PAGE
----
Already Want to Quit Your New Job? You’ve Got to Read This!

Already Want to Quit Your New Job? You’ve Got to Read This!

So you applied for a new job, nailed the interviews, and accepted an offer. That’s awesome news. Congratulations! After turning in your two-week’s notice to your former employer and working your last day, you’re all ready to start at your new office.

You go through the training and your boss has reviewed the job description with you thoroughly. You’ve shown up early every day and diligently focused on learning the new tricks of the trade. Then suddenly it hits you…

You don’t like your new job one bit. In fact, you question why you even accepted the job to begin with because it’s not a good fit.

You want to quit. What now? Keep reading. We’ve got some suggestions.

Suggestion #1: Consider the Risks

Not going to lie, quitting a job you just started regardless of the reason is quite a risk. You won’t be able to use your new employer as a reference, and it could damage your reputation if you want to stay in the same field. It’s important that you understand these real possibilities.

During your next interview, you may need to explain why you left your current job so quickly. In fact, rather than asking, the interviewer may just assume you’re a “job hopper,” which will not work in your favor.

However, if you’re positive that you  made a bad decision in accepting your new job, then looking for another position might be your best option.

Suggestion #2: Start Searching for a New Job

Since you haven’t been at your current role that long, searching for your next new job should come easily. However, make sure you secure a new job before you quit your current one. It’s well documented that workers who are employed have a much better chance of getting hired.

It’s important to understand that the chances of a potential new employer asking why you want to quit your new job so soon are extremely high. Be prepared to answer this question by rehearsing your response to ensure that it comes across as diplomatic and positive.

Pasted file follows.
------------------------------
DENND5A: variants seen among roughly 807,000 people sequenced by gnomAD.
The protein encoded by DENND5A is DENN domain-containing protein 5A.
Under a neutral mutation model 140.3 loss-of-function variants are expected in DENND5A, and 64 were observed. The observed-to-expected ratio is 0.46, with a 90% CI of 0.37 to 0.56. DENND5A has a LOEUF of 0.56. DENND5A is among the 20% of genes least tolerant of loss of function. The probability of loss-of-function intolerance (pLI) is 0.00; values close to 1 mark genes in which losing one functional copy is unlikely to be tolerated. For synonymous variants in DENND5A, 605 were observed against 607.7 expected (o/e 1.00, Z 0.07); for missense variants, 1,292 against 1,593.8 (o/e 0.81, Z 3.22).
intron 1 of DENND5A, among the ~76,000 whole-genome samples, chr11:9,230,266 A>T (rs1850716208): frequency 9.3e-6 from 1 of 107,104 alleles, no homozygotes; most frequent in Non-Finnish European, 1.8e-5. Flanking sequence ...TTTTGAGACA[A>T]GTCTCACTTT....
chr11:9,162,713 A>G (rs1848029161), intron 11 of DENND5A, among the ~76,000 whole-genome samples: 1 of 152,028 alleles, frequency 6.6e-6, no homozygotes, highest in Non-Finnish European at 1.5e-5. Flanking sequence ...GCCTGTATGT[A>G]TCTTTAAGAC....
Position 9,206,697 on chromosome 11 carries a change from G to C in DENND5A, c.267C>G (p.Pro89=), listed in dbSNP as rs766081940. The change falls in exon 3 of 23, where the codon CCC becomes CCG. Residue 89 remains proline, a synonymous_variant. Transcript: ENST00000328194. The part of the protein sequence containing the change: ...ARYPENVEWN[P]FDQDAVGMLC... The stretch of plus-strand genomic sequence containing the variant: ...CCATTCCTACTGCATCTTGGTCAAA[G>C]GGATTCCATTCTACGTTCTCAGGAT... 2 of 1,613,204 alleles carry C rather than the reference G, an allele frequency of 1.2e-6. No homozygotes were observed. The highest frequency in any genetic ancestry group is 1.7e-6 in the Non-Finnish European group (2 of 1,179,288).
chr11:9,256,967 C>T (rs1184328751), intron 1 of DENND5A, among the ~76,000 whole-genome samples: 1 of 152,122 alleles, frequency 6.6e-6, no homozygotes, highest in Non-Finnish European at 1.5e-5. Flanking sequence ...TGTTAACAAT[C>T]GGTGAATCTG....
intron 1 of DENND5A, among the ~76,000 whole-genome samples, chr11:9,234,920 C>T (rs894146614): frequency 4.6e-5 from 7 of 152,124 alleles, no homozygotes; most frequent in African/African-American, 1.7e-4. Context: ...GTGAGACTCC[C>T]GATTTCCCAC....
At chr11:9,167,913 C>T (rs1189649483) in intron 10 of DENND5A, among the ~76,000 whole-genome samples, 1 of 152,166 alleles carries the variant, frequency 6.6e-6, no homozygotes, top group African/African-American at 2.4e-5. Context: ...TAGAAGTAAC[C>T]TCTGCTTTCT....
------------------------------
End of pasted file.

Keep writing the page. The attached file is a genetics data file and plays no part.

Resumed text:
Suggestion #3: Continue Working Hard

As long as your employer is signing your paycheck, you owe them your full effort. Do not start slacking off and skirting your responsibilities because you are “on your way out.” They originally hired you on the assumption that you’re a hard worker. Don’t give them a reason to think otherwise.

Besides, burning bridges (whether intentional or not) is never a good thing. With the advance of social media and professional portfolio sites like LinkedIn, it won’t take long for your reputation as a lazy employee to spread like a wildfire.

Suggestion #4: Resign Honorably

After you’ve secured a new position with another employer, type out a professional resignation letter. Request an in-person meeting with the appropriate personnel to deliver your resignation and explain the circumstances surrounding your decision.

Make sure you talk about your experience in a positive manner and allow your employer to inform coworkers of your decision. Show your appreciation for the time that was spent preparing you for your new role–and work your last two weeks like you are trying to earn a promotion.